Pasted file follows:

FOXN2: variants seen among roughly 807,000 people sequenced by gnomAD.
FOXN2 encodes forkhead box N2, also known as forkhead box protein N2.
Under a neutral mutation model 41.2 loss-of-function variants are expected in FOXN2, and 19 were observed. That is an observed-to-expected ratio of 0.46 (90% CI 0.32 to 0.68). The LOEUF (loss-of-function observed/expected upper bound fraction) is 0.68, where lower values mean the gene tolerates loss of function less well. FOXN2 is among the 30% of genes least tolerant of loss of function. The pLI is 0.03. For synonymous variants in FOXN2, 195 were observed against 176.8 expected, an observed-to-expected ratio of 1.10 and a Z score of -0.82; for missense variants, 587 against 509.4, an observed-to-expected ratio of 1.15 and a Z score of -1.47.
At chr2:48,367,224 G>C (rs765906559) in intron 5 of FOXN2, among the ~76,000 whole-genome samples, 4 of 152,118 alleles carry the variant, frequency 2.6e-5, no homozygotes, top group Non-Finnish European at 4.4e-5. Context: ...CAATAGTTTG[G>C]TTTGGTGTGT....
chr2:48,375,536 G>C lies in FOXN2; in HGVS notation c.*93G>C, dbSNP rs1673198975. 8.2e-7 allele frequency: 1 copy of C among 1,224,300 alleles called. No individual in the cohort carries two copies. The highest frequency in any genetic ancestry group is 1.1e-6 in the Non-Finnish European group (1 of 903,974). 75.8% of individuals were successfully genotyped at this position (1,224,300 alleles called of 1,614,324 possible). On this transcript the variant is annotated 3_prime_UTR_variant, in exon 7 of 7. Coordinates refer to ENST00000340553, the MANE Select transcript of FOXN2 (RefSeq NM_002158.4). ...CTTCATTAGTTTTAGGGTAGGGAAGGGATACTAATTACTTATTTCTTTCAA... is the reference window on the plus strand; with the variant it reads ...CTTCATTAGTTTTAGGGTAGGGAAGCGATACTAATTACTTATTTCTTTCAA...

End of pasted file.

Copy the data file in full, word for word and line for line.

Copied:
FOXN2: variants seen among roughly 807,000 people sequenced by gnomAD.
FOXN2 encodes forkhead box N2, also known as forkhead box protein N2.
Under a neutral mutation model 41.2 loss-of-function variants are expected in FOXN2, and 19 were observed. That is an observed-to-expected ratio of 0.46 (90% CI 0.32 to 0.68). The LOEUF (loss-of-function observed/expected upper bound fraction) is 0.68, where lower values mean the gene tolerates loss of function less well. FOXN2 is among the 30% of genes least tolerant of loss of function. The pLI is 0.03. For synonymous variants in FOXN2, 195 were observed against 176.8 expected, an observed-to-expected ratio of 1.10 and a Z score of -0.82; for missense variants, 587 against 509.4, an observed-to-expected ratio of 1.15 and a Z score of -1.47.
At chr2:48,367,224 G>C (rs765906559) in intron 5 of FOXN2, among the ~76,000 whole-genome samples, 4 of 152,118 alleles carry the variant, frequency 2.6e-5, no homozygotes, top group Non-Finnish European at 4.4e-5. Context: ...CAATAGTTTG[G>C]TTTGGTGTGT....
chr2:48,375,536 G>C lies in FOXN2; in HGVS notation c.*93G>C, dbSNP rs1673198975. 8.2e-7 allele frequency: 1 copy of C among 1,224,300 alleles called. No individual in the cohort carries two copies. The highest frequency in any genetic ancestry group is 1.1e-6 in the Non-Finnish European group (1 of 903,974). 75.8% of individuals were successfully genotyped at this position (1,224,300 alleles called of 1,614,324 possible). On this transcript the variant is annotated 3_prime_UTR_variant, in exon 7 of 7. Coordinates refer to ENST00000340553, the MANE Select transcript of FOXN2 (RefSeq NM_002158.4). ...CTTCATTAGTTTTAGGGTAGGGAAGGGATACTAATTACTTATTTCTTTCAA... is the reference window on the plus strand; with the variant it reads ...CTTCATTAGTTTTAGGGTAGGGAAGCGATACTAATTACTTATTTCTTTCAA...